Oct. 31 2014
Engineering an ambitious traffic policy

Zero is not a number that gets thrown around very often in public health. Even the most ambitious efforts shy away from it. Yet that is the goal of Vision Zero, New York City’s new, Swedish-imported traffic program: to have not a single traffic death on city streets by the year 2024.

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"No level of fatality on city streets should be considered inevitable and acceptable," said former acting U.S. Surgeon General Kenneth Moritsugu, summing up the philosophy behind the program. Moritsugu spoke at a Columbia University Seminar on the new traffic policy, which was sponsored by Columbia University’s Center for Injury Epidemiology and Prevention at the Mailman School of Public Health. The event brought together representatives of some of the disparate agencies and organizations charged with carrying out Vision Zero: the New York City Departments of Health and of Transportation, the New York City Police Department, and the New York City Council, to share research and strategize about the path to zero.

According to Guohua Li, Finster Professor of Anesthesiology and Epidemiology at the Mailman School, the same principles epidemiologists draw on to eliminate diseases from a population can be applied to traffic injuries: reducing the "exposure"—in this case the traffic, reducing the occurrence of injury when one is exposed, and reducing the likelihood an injury will result in death or serious disability.

Safe Routes to School

Over one-third of children in three "low walkability" zip codes do not walk or bike to school, even though 40 percent of them live within five blocks from school and 70 percent live within 20 blocks, according to a study by Philip Noyes, the director of research, evaluation, and planning in the Department of Health’s Brooklyn District Public Health Office. Less than half of students think it is safe to walk, and only one-third think it’s safe to bike.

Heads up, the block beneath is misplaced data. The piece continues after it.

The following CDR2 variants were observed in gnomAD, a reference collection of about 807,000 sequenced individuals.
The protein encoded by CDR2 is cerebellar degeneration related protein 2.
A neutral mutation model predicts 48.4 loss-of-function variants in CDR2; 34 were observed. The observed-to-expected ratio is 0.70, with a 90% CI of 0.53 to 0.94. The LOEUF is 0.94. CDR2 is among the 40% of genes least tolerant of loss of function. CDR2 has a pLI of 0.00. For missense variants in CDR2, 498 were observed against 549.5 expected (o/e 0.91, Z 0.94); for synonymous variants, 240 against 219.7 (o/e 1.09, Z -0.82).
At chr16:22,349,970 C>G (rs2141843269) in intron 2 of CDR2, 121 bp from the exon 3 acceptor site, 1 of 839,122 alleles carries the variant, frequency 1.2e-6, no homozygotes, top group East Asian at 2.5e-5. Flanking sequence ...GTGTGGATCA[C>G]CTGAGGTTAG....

And there is still a wide disparity in neighborhoods. While some of the city’s well-off areas enjoy walkable conditions—lower and mid-Manhattan, west Brooklyn, and west Queens; Staten Island and eastern Queens are far less pedestrian friendly, according to Jennifer Norton of the Department of Health’s Bureau of Environmental Disease and Injury Prevention.

"If we don’t have that commitment to changing all neighborhoods and not just responding to those neighborhoods that are able to self-advocate, we’ll likely see that gap maintained or possibly increase," said Noyes.

Another area where improvement is possible is calming New York City’s aggressive and chaotic traffic stew of impatient drivers, bikers, and pedestrians. So-called "traffic calming" measures, which aim to make the streets safer for pedestrians, include lowering the speed limit, narrowing streets, adding speed bumps, new traffic and pedestrian signals, and high visibility crosswalks, according to Charles DiMaggio, associate professor of Epidemiology at Mailman.

A Global Vision

Reducing traffic injuries and deaths is not only a city goal but also a national and international priority.

Traffic injuries are the eighth leading cause of death around the world and could become the fifth by the year 2030. In many fast-developing middle-income countries, motorized vehicles flood the streets while infrastructure improvements lag.

Reducing injury mortality and morbidity from motor vehicle crashes is one of the U.S. Centers for Disease Control and Prevention’s "winnable battles." The agency is focused on increasing use of seatbelts and childhood protection seats, reducing alcohol impaired driving, and preventing injuries among high-risk populations like teenagers, the elderly, and Native Americans, according to Arlene Greenspan, associate director for science at the CDC’s National Center for Injury Prevention and Control.

Participants agreed that Vision Zero is a "gift" as DiMaggio put it, one that will benefit from population health insight. "The public health approach and Vision Zero are perfectly aligned," said Moritsugu.

Read more about Vision Zero in the 2 X 2 Project's full story here.

By Elaine Meyer,
Department of Epidemiology